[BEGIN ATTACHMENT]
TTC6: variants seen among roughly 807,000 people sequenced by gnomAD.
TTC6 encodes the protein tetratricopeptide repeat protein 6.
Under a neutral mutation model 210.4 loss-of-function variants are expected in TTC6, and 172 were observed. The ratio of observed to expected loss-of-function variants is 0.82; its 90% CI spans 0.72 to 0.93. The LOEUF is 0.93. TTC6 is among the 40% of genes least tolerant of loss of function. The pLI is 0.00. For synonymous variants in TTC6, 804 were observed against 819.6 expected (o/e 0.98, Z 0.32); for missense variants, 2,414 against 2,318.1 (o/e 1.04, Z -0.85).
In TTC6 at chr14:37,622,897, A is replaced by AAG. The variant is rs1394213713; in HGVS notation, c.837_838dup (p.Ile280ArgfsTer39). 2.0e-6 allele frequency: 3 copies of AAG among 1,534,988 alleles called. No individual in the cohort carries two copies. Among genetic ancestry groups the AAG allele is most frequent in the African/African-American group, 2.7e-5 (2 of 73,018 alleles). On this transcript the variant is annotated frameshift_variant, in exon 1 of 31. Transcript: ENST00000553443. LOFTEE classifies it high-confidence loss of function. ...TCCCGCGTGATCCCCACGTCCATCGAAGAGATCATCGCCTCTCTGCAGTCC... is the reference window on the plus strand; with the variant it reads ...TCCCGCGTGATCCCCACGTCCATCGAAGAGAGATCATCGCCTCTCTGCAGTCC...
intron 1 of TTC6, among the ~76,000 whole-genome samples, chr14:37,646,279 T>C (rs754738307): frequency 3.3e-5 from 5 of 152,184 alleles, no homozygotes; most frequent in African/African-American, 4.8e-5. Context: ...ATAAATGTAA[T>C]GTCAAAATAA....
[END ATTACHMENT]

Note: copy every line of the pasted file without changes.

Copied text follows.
TTC6: variants seen among roughly 807,000 people sequenced by gnomAD.
TTC6 encodes the protein tetratricopeptide repeat protein 6.
Under a neutral mutation model 210.4 loss-of-function variants are expected in TTC6, and 172 were observed. The ratio of observed to expected loss-of-function variants is 0.82; its 90% CI spans 0.72 to 0.93. The LOEUF is 0.93. TTC6 is among the 40% of genes least tolerant of loss of function. The pLI is 0.00. For synonymous variants in TTC6, 804 were observed against 819.6 expected (o/e 0.98, Z 0.32); for missense variants, 2,414 against 2,318.1 (o/e 1.04, Z -0.85).
In TTC6 at chr14:37,622,897, A is replaced by AAG. The variant is rs1394213713; in HGVS notation, c.837_838dup (p.Ile280ArgfsTer39). 2.0e-6 allele frequency: 3 copies of AAG among 1,534,988 alleles called. No individual in the cohort carries two copies. Among genetic ancestry groups the AAG allele is most frequent in the African/African-American group, 2.7e-5 (2 of 73,018 alleles). On this transcript the variant is annotated frameshift_variant, in exon 1 of 31. Transcript: ENST00000553443. LOFTEE classifies it high-confidence loss of function. ...TCCCGCGTGATCCCCACGTCCATCGAAGAGATCATCGCCTCTCTGCAGTCC... is the reference window on the plus strand; with the variant it reads ...TCCCGCGTGATCCCCACGTCCATCGAAGAGAGATCATCGCCTCTCTGCAGTCC...
intron 1 of TTC6, among the ~76,000 whole-genome samples, chr14:37,646,279 T>C (rs754738307): frequency 3.3e-5 from 5 of 152,184 alleles, no homozygotes; most frequent in African/African-American, 4.8e-5. Context: ...ATAAATGTAA[T>C]GTCAAAATAA....